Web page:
After the surprisingly accurate result of the Brexit referendum tweet tracker, we decided to roll it out to the US Presidential Election.

This posed a bit more of a challenge. Unlike Brexit, where we had some fairly obvious hashtags used by either party, there are quite a large number of neutral tweets we were collecting under the hashtag ‘Election2016’, and a lot of tweets attacking candidates rather than necessarily showing support for one.

To address this, we had to build a custom corpus, manually classifying a few hundred tweets before using lessons from that to automate it. Once this corpus was built up, we are capable of classifying tweets as they are collected.

The base tool was configured within three days to analyse the data and present the findings live. It scaled to over 150 tweets/second.

Count of Positive Tweets




Election day for Donald Trump

Election day for Hillary Clinton


How did we do it?

Similar to the run up to the EU Referendum, we wanted to analyse mass public opinion on the two Presidential Candidates. We took the concept from idea to live in 10 working days, with some modifications to the system. The tool is a reusable solution that organisations can customize to their needs: it is low cost, easy to use and quick to deliver.

The results are simply a reflection of the tweets we have collected. This election has been particularly susceptible to Twitter bots and this is consistent with the results we have seen. The Twitter data stream is potentially very biased and the work here is not meant to be a forecast of the election result.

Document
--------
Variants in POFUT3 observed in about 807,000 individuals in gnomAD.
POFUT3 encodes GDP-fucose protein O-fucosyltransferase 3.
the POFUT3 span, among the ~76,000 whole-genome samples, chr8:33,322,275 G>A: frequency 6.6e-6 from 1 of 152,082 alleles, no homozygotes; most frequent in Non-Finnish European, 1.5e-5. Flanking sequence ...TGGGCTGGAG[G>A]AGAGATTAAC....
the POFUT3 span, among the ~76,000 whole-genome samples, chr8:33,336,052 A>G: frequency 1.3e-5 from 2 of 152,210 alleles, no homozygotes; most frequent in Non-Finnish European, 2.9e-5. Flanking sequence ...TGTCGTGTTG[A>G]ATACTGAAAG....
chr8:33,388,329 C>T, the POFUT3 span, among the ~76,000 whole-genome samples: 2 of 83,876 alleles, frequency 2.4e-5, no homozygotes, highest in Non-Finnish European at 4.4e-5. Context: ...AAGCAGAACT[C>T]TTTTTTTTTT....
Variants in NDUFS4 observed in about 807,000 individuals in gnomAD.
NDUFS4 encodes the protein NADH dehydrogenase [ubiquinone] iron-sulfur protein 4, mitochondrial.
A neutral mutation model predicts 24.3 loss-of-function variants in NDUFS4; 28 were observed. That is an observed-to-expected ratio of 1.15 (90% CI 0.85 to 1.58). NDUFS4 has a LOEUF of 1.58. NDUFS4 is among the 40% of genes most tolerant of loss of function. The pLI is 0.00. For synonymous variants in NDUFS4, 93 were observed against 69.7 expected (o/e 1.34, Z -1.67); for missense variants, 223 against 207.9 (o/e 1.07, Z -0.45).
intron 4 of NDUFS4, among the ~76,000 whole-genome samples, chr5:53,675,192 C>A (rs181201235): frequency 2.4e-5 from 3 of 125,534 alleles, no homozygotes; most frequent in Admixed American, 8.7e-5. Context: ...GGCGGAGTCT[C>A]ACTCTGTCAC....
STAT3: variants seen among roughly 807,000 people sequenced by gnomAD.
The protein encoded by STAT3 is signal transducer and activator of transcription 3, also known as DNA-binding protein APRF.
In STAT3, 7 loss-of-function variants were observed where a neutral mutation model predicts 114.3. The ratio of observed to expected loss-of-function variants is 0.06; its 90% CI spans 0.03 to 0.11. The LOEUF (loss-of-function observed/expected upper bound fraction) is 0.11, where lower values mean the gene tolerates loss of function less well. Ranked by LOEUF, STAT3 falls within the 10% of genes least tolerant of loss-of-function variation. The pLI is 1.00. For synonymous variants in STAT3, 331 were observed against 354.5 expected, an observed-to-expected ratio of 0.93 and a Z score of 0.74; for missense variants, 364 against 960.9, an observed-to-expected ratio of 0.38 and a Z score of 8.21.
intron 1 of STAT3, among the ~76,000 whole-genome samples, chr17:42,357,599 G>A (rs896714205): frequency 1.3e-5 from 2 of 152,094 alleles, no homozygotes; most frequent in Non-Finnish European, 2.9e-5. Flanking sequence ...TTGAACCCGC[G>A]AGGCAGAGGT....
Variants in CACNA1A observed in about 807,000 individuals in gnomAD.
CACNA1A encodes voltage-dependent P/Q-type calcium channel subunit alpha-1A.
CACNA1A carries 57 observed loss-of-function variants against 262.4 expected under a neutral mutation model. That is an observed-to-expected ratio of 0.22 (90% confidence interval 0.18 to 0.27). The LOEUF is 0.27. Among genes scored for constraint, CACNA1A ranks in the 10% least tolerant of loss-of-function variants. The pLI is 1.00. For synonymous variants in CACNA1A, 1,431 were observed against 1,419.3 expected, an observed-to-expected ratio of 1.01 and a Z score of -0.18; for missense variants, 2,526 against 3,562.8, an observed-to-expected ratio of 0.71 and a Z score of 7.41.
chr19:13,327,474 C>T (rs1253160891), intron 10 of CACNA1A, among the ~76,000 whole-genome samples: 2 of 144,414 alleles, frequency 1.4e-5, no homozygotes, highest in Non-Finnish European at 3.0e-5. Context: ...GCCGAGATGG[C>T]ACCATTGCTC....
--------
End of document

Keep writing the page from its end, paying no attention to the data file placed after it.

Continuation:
Day 1

  • Planned and agreed desired outcome Agreed on feature prioritisation and set deadlines for our minimum viable product (MVP).
  • Commenced UX Research to create initial wireframes.

Day 2-4

  • Set up the core social analytics engine.
  • Analysed Twitter, searching for specific keywords (around 15 keywords referenced to the target topic).
  • Input sentiment analysis of the Twitter results, based on a sentiment lexicon. Then, calculated on a per-tweet bases immediately after being collected.
  • Saved data into a database (AWS Aurora dB) including: date of tweet, language, author, content and of course, sentiment.

Day 5-6

  • To link the front end web page and the database, we made use of two Amazon Web Services tools: API Gateway and Lambda.
  • From API Gateway we created a URL - which upon requesting triggers a Lambda function written in Python. The Lambda function queries the database, does some light calculations, and returns the results as JSON.
  • These results make up the body of the URL’s response, which is then displayed on the webpage for the front-end to work with.
  • Created interactive front-end UI from UX wireframes.
  • Integrated front-end code into SPARCK Live site.

Day 9

  • Linked front-end code to the live system, and tested against a live stream of >300 Tweets per second to test integrity under load.

Day 10

  • Launched SPARCK LAB to the public through